There are some very interesting articles in the Guardian this week about what the paper is labelling the ‘academic spring’ (though with the weather recently, they’ll need to think carefully about that label) – i.e. the growing move towards open access publishing being required by research funders. The Wellcome Trust has just added impetus to this debate by requiring open access publishing of the research it funds, following other funders in recent months. Today’s article suggests that even allowing six months before papers are made openly available, as agreed by research councils, is too long a delay.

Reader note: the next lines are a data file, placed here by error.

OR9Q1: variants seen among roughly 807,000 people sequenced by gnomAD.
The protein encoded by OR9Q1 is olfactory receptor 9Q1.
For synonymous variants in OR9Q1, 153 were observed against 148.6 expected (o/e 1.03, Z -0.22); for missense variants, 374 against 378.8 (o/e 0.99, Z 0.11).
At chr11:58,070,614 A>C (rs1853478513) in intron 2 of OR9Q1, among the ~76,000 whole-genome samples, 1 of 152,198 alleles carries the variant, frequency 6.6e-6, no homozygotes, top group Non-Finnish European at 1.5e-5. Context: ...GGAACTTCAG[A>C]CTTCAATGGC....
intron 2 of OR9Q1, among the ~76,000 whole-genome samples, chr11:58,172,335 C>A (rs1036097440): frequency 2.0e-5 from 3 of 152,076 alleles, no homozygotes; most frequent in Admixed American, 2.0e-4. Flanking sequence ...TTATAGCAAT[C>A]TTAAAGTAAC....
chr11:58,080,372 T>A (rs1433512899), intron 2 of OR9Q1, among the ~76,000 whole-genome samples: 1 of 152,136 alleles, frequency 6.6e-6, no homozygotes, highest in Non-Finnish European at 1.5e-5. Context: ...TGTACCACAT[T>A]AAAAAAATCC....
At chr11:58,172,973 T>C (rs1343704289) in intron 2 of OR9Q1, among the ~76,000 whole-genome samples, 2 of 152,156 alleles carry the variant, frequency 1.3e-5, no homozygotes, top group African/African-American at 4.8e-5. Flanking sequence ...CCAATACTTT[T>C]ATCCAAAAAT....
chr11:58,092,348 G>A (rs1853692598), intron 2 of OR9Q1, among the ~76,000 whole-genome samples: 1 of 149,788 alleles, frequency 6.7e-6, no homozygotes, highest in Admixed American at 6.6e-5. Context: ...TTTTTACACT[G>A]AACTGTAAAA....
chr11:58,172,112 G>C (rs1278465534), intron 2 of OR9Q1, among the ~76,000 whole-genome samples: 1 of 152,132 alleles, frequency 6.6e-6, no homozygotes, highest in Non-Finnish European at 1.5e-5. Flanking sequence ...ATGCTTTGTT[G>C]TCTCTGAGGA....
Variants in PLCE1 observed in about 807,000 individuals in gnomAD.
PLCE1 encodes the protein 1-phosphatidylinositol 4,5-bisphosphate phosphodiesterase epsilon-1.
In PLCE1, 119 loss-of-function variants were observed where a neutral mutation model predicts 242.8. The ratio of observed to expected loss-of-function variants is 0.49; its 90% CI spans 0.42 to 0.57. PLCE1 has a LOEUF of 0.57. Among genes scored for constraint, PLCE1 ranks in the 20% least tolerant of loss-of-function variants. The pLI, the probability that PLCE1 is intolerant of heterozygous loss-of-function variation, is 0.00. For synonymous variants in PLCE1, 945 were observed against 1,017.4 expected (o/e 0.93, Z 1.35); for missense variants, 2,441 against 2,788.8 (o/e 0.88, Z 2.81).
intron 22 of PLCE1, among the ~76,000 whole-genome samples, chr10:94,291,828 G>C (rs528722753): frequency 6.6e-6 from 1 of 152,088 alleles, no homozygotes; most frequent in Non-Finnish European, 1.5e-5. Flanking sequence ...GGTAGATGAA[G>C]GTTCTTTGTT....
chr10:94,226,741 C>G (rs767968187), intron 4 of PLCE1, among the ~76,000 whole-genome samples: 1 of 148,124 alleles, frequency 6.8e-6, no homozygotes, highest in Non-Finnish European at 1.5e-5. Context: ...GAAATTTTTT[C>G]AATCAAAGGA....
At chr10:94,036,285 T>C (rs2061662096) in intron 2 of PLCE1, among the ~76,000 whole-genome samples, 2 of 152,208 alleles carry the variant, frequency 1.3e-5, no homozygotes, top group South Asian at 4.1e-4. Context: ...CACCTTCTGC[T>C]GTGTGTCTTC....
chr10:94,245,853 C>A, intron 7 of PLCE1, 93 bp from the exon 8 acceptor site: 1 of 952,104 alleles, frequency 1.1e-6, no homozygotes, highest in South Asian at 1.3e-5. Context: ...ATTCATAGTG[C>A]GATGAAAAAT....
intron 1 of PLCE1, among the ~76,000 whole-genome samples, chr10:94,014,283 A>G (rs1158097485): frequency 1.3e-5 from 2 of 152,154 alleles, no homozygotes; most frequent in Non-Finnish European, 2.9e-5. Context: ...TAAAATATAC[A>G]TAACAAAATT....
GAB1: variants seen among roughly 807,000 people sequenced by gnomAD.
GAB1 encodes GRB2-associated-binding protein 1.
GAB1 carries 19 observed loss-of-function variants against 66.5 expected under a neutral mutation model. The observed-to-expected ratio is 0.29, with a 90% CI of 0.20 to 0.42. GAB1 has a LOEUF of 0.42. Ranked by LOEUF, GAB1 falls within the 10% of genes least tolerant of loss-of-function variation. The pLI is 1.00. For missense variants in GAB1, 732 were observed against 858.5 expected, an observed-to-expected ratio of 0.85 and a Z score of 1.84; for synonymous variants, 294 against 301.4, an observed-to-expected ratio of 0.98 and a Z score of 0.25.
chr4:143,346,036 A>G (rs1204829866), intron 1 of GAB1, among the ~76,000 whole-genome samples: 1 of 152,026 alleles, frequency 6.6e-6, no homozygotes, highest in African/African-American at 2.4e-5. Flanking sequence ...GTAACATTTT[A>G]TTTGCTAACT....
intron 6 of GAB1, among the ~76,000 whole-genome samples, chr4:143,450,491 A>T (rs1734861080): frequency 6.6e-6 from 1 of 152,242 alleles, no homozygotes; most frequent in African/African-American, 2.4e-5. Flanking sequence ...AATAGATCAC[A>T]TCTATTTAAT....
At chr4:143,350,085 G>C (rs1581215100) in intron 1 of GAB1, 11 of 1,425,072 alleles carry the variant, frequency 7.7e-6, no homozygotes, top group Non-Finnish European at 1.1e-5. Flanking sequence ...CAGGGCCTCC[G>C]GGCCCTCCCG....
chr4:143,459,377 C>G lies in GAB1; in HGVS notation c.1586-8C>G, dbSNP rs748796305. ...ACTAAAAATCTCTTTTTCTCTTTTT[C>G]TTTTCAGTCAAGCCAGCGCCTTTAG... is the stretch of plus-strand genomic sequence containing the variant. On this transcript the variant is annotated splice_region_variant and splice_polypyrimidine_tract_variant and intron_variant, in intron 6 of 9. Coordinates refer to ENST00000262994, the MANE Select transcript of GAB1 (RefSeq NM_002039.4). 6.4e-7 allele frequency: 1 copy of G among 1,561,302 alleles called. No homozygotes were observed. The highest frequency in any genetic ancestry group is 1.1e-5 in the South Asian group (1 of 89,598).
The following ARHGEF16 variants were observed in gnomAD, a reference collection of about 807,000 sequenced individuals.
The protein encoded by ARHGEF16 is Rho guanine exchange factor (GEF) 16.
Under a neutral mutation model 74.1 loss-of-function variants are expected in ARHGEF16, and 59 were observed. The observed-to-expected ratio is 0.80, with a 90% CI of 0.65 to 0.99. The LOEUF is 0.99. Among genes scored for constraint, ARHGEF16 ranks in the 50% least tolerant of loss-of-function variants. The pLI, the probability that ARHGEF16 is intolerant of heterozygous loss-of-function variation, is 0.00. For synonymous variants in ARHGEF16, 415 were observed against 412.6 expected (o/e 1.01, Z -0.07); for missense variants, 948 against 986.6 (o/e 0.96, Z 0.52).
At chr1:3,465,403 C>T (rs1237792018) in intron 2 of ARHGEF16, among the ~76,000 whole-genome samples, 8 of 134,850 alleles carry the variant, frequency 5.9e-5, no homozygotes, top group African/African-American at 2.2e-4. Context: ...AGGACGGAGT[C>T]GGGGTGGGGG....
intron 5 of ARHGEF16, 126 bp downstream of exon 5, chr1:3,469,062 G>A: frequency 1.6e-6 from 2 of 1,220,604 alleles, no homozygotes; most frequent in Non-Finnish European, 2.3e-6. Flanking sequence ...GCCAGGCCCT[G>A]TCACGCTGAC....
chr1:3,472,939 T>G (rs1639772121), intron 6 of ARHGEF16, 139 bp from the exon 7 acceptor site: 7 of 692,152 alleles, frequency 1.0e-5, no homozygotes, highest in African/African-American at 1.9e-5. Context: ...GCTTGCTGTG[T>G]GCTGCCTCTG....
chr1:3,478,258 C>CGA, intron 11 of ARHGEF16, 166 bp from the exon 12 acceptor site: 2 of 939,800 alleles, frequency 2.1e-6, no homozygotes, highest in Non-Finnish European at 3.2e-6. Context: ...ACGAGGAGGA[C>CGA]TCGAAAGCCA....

The paper sides largely with the view that conventional publishing inhibits the sharing of publicly-funded knowledge through the high costs charged for access, which enables publishers to make high profits whilst relying on unpaid peer review by academics. But it also provides a fair summary of the arguments from publishers that they provide the infrastructure needed for dissemination of research findings. The question is whether initiatives to bypass that infrastructure can replace the current structure of academic publishing whilst retaining the necessary rigour and credibility.
The Guardian’s ongoing coverage of this debate can be found at http://www.guardian.co.uk/science/peer-review-scientific-publishing.